Is Your Leadership Effective
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In many ways, good leadership is hard to define. It can't be directly
measured. There's no leadership "score" or report card. So, the questions
remains, how can you tell if your leadership skills are effective?
In many ways, good leadership is hard to define. It can't be directly
measured. There's no leadership "score" or report card. In fact often the
measure of leadership is qualitative rather than quantitative - although
quantitative results always follow. So, the questions remains, how can you tell
if your leadership skills are effective?
Plain and simple, leadership is about getting others to take action. If
leadership effectiveness is lacking, less than best effort is put forth. The
better the leadership, the better the effort. Exceptional leadership inspires
the best effort in others.
Effective leadership is a function of both individual competencies and
organizational culture. What are some signs that leadership isn't as effective
as it could be? There are a number of them. They are indications that something
is missing in the leadership equation.
* Inability to Motivate People * Difficulty Attracting/Retaining the Right
People * Low Productivity * Poor Customer Orientation * High Stress * Isolation
* Declining Profits * Ineffective Delegation * Lack of Creativity * Lack of
Initiative * Ineffective Teams * Poor Communications * Lack of Vision *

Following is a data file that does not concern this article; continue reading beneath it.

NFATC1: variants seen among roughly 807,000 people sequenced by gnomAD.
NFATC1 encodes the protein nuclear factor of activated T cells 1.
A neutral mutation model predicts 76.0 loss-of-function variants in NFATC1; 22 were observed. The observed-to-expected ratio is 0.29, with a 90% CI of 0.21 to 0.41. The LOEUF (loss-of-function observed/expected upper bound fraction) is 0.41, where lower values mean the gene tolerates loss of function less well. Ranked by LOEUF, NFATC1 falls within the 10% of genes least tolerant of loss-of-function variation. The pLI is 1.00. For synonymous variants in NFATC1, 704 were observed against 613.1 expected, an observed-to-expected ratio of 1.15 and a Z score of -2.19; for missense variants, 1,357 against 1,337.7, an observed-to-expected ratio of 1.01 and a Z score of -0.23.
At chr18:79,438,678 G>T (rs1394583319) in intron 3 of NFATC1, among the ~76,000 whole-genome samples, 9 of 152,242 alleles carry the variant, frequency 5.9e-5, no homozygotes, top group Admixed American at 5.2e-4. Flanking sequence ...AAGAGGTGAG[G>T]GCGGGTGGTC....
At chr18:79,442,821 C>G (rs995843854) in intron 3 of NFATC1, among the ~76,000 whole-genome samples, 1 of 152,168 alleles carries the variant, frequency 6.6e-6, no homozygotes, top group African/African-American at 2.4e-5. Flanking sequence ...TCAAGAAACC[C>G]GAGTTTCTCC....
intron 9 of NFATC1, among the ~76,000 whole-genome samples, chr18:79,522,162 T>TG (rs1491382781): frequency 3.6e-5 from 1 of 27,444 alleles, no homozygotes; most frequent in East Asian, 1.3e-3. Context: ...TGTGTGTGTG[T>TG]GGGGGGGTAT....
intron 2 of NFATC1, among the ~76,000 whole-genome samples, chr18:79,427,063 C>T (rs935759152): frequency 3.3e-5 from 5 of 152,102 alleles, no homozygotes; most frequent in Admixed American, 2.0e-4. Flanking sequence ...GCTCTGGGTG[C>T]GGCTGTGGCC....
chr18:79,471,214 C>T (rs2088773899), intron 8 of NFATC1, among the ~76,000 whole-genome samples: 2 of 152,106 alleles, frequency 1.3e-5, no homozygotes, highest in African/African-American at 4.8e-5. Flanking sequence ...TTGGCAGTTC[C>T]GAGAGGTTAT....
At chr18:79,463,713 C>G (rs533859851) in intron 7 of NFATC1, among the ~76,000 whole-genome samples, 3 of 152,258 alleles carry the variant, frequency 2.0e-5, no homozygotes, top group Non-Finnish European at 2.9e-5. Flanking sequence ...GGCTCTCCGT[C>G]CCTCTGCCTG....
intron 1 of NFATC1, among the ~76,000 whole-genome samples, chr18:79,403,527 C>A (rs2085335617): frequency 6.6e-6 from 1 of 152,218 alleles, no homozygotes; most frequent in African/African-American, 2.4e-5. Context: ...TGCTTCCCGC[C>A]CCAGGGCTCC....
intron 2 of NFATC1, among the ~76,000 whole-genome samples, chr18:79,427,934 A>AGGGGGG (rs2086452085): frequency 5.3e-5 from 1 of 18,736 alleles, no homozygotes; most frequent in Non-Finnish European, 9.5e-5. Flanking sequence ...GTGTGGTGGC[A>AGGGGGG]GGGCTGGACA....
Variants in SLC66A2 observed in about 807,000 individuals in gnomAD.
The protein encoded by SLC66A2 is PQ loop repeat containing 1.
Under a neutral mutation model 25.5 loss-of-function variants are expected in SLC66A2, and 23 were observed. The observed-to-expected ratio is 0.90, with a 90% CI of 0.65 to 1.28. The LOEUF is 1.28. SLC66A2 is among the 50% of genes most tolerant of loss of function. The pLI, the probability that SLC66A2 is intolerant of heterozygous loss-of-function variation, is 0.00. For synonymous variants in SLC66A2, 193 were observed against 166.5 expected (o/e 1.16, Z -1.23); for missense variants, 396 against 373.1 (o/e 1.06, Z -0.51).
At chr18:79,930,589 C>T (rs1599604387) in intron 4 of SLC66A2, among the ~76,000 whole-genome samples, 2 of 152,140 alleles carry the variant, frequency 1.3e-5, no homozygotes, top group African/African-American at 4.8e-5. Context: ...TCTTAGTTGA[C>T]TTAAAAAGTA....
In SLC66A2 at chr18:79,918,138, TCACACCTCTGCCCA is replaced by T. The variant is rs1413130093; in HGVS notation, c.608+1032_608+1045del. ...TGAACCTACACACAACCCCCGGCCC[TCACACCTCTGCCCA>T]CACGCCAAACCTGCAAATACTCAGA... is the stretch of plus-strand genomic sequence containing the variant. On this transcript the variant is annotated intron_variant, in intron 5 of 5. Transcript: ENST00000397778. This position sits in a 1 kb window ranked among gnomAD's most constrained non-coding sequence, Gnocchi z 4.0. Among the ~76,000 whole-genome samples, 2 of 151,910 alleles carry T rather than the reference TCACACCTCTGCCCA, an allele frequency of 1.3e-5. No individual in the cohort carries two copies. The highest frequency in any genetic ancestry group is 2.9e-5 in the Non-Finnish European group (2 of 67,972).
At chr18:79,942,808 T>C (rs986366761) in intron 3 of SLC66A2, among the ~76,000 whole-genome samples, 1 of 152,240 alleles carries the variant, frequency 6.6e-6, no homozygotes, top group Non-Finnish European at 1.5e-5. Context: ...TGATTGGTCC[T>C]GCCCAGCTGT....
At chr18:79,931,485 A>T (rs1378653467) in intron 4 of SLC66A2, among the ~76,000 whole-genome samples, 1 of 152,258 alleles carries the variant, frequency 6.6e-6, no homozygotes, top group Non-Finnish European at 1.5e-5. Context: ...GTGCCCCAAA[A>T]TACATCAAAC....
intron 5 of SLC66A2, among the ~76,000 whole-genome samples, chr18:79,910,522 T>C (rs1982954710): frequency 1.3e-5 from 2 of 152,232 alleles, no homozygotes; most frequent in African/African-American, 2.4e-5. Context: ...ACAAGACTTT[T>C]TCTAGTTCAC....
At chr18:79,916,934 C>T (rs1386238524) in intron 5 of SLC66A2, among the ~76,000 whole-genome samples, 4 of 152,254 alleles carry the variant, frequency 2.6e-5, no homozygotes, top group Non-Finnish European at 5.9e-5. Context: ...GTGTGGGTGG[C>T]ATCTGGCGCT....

Diminishing Revenues * High Turnover
What can be done to improve leadership effectiveness? The answer is simple to
understand and yet not so simple to implement. It starts with understanding the
foundations of what makes someone an effective leader and what kind of
organizational culture is most effective.
Effective Personal Leadership
When I ask workshop participants about characteristics of both good and bad
leaders, the list never includes issues of intelligence, technical skills, or
effective decision-making! Instead, the list is full of people-related traits -
good listener, respectful, good communicator, develops others, …
Effective personal leadership can be summarized as being competent in these
* Becoming Influential * Facilitating Teamwork & Collaboration * Being a
Catalyst for Change * Managing Conflict * Developing Others * Having &
Communicating a Compelling Vision
Unfortunately, improving one's competency in these areas is often a
challenge. Let me explain why… Unlike factual information, which gets processed
in the neo-cortex of the brain, people-related skills are processed in part of
the brain called the amygdala. This portion of the brain regulates emotional
insights and responses rather than logical insights and responses. Improving the
leadership skills set forth above require one to break old habits/responses and
form new ones, and we aren't able to do this simply by learning and acquiring
knowledge. That's the difference between the neo-cortex and the amygdala.
There are a couple of inherent challenges with this process. Pretty much
everyone acknowledges that they have room for improvement. The first challenge
is knowing which areas to improve. We all have blind spots. We're aware of some
of our shortcomings, but usually not all of them. Secondly, breaking habits and
forming new ones requires commitment, persistence, and time. It usually takes
support from others - people who can point out when you've acted in a way
contradictory to your intent. It's important to use a reliable assessment to
identify areas of growth opportunity. From those results, we can develop a plan